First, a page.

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Full Review: 2014 Mazda 6 Grand Touring

I felt compelled to write about this car next even though I said I’d review the Subaru Legacy here. And there is good reasoning behind why I’m writing about the Mazda 6 first. It’s just that good.

And leading off with a statement like that, you know it has to be good since I’ve usually started off these reviews with a bit of back-story and/or a bit of that car’s history. Not this time. The only thing I will say now is that all previous Mazda 6s are hereby banished from existence and need to be immediately melted down to help make this newer version. Ok, maybe a little history. Personal this time. I test drove the 2006 Mazda6 when I went to purchase my current car. While very solid, I felt Honda offered more for the money at the time. Now, that cannot be said and it cannot be said about all good-value, family sedans. The 2014 Mazda6 has no equal in its category.

For the 2014 Model year, Mazda incorporated its new “Kodo” design into the 6 and the results are dramatic. A complete overhaul of the body gives us a beautiful flow from stem to stern. Undulating and sloping lines remind me of a Porsche 911. Please don’t misinterpret that as me saying this IS a 911. It is not. The design elements along with the graceful lines, remind me of German engineering as opposed to something out of Japan. It’s a complete 180 and for the better. The last Mazda 6 was ugly.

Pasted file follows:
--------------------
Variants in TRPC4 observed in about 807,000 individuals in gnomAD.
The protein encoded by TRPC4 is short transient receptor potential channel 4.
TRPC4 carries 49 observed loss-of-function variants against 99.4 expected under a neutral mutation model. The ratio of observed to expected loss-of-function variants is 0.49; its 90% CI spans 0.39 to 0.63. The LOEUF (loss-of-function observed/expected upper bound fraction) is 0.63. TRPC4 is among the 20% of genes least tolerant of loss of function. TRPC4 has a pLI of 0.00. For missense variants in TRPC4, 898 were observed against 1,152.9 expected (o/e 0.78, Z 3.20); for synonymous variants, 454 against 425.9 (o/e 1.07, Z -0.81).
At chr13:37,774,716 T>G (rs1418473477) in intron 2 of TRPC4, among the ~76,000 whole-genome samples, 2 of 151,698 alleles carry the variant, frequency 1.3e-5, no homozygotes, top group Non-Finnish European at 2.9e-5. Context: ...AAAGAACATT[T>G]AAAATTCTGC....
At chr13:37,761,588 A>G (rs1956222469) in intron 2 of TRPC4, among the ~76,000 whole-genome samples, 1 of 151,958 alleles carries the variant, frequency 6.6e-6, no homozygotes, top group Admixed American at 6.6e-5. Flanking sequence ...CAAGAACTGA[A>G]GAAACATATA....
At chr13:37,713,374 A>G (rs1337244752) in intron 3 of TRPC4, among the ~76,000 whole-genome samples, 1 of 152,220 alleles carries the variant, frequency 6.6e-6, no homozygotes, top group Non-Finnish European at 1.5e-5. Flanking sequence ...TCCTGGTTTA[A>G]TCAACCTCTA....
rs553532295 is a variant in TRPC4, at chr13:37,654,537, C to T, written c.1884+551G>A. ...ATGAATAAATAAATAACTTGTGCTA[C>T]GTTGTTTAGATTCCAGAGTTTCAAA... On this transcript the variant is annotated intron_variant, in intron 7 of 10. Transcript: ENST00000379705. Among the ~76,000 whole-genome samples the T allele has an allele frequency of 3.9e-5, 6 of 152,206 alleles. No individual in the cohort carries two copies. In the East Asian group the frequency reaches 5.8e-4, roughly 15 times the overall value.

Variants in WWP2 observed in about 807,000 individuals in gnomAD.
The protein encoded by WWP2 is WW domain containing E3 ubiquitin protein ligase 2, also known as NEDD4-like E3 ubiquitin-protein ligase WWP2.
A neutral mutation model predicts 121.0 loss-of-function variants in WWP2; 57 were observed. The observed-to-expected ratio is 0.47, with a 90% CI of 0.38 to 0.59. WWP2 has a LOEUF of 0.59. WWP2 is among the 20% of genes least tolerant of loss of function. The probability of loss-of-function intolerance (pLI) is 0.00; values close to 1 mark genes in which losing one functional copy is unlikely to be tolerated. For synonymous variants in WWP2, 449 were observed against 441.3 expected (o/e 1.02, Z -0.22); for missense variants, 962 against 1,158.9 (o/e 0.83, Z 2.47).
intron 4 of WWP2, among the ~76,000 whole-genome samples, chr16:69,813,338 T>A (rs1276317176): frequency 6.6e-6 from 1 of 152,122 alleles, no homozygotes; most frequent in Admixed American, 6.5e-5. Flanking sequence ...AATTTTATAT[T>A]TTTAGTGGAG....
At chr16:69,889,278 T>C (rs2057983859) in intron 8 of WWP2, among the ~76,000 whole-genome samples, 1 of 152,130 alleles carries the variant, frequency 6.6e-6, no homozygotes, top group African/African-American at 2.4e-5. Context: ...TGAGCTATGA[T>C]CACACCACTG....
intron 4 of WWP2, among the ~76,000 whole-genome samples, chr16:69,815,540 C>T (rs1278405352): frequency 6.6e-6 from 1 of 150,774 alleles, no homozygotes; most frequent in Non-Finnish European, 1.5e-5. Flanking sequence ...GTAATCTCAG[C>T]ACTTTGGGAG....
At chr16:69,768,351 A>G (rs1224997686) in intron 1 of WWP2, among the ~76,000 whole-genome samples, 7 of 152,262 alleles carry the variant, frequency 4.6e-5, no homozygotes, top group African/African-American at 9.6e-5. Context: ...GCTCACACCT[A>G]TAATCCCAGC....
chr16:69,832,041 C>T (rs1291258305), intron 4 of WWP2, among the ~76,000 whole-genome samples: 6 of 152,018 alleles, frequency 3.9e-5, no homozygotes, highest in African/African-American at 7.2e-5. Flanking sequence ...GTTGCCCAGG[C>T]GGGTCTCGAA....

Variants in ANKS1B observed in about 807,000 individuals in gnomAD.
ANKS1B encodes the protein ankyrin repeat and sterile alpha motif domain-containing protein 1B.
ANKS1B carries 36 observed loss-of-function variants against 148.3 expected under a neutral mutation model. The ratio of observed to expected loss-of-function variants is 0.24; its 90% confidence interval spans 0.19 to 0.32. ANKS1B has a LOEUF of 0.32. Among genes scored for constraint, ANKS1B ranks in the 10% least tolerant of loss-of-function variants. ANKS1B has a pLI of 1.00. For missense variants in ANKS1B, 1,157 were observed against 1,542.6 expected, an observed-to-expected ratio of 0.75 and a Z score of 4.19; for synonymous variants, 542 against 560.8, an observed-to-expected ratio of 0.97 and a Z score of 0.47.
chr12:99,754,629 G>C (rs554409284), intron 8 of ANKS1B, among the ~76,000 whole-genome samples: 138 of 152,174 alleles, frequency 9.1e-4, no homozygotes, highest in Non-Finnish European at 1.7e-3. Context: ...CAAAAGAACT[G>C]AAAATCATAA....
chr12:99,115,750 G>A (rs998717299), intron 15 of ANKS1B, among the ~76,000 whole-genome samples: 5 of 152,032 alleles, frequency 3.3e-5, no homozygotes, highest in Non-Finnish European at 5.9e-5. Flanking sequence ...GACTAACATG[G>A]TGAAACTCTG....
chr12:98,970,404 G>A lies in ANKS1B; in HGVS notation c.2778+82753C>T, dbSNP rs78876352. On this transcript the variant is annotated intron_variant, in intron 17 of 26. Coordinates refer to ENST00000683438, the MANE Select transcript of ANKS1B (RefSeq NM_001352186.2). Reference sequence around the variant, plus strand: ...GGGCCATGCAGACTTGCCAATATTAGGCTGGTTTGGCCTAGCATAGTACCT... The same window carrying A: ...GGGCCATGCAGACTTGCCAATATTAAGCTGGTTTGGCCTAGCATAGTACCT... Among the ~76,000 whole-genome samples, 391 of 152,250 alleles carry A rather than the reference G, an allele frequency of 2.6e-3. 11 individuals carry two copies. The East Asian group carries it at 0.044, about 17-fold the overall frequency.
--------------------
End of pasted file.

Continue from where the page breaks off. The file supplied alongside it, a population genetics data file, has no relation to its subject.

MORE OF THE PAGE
Mazda6 1The engine is great and not great in the same moment. 38 mpg (estimated) highway is phenomenal for a non-hybrid car. 184 HP is plenty to get this thing going, but it’s missing a bit. It’s quick, but not quick enough. Only slightly above average. And I drove the Grand Touring package, the highest level Mazda offers. Which, in many cars, would warrant an upgraded engine. Not in the 6. Since this is the first model year it is available with the redesign, the 184 HP engine is the only one available in any trim level. If you’re really looking for the kick in the teeth, wait a year on this car, as Mazda will surely come out with other engine variants for V6 and “MazdaSPEED” models. All in all, really not that bad and it even felt faster than the Ford Fusion witch has it beat by 53 ponies. Auto gearbox felt smooth and was a joy to drive. Came equipped with paddle shifters and tiptronic stick with manual mode.